Do you know the Skiway code?

Here's a quick reminder of the ski & snowboard code of conduct for staying safe this winter.

The International Ski Federation (FIS) produces a set of guidelines to help keep you and other skiers/snowboarders safe on the slopes.

It’s important to understand that these ‘common sense guidelines’ are regularly used for insurance and legal purposes, where an accident has occurred on the slopes, so we highly recommend reading and adopting them.

Most of the guidelines are common sense and things you probably already adopt in your skiing. There are however a few rules of the slope which we regularly see people ignore, so we’ve highlighted those in RED below.

Rules for the Conduct of Skiers and Snowboarders

1. RESPECT for others

Be aware of all other skiers/snowboarders on the slopes around you and do not endanger them.

2. CONTROL of speed

Only ski/snowboard within the limits of your ability (taking conditions, terrain, weather and volume of other slope users into account) and be sure you can always stop safely.

3. Choice of ROUTE

Carefully choose your route in such a way that you don’t endanger other skiers/snowboarders.


Leave plenty of space when overtaking other slope users in case they make any voluntary or involuntary movement. Remember, the skier/snowboarder in front of you (usually downhill) has right of way.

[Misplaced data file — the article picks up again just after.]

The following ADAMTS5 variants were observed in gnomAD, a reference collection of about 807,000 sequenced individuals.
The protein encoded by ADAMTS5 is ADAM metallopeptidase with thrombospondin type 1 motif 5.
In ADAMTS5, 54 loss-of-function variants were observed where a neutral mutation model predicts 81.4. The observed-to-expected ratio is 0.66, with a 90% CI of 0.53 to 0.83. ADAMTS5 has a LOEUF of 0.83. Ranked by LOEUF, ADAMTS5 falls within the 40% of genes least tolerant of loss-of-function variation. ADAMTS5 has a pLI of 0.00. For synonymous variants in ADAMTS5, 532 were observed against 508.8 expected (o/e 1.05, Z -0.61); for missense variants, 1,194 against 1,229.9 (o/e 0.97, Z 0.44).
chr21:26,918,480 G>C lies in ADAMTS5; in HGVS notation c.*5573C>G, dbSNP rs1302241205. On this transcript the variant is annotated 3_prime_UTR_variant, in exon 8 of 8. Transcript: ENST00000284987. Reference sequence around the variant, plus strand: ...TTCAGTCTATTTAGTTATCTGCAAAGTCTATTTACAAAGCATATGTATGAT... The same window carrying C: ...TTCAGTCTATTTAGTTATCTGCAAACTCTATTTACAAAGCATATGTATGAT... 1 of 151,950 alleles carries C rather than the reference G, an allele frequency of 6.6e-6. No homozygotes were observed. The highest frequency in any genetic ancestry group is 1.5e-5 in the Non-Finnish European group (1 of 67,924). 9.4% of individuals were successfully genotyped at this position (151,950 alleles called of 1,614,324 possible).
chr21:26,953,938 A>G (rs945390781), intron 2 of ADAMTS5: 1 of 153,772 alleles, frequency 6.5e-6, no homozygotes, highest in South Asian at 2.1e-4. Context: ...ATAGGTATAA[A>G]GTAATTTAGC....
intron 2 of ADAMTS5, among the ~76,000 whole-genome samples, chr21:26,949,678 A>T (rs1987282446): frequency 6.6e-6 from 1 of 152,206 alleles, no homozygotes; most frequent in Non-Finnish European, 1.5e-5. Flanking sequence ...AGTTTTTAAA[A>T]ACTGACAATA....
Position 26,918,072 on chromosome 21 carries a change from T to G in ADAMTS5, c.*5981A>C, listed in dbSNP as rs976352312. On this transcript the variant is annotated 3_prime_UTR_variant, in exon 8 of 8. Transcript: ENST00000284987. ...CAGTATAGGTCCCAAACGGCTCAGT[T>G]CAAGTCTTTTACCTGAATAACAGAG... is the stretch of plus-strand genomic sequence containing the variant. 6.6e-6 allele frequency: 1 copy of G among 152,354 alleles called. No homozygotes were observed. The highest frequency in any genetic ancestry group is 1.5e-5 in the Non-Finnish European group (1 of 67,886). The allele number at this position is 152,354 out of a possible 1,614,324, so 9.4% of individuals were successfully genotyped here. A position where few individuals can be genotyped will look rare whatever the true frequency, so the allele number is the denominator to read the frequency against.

5. STARTING, entering or climbing a slope

When entering a slope, starting again after stopping, or moving upwards, you must LOOK (up and down) the slope to avoid other skiers/snowboarders.

6. Stopping on the slope

Always try and stop at the side of the piste and away from narrow tracks or slopes. Stop where you can be clearly seen and avoid stopping under jumps/bumps or after sharp corners. After a fall, move as quickly as possible to the side. At the tops of ski lifts, move away to keep the exit zone clear for other people.

7. Climbing and descending on foot

If you need to climb or descend on foot, make sure you keep to the side of the slope.

8. Respect for signs and markings

Don’t ignore the signs, markers or nets as they’re put there to keep you safe.

9. Assistance

At an accident you are duty bound to assist, whilst not endangering yourself or other slope users. 

10. Identification

Whether you are a responsible party or not, you must exchange names and addresses following an accident and be prepared to act as a witness.

All LGS instructors use these guidelines and we can help you to understand and apply them.

Children taking part in our Junior Freeriders courses are asked to learn the rules and complete a test before they’re presented with a ski award.

Please use these 10 simple rules this winter and make sure you stay safe!

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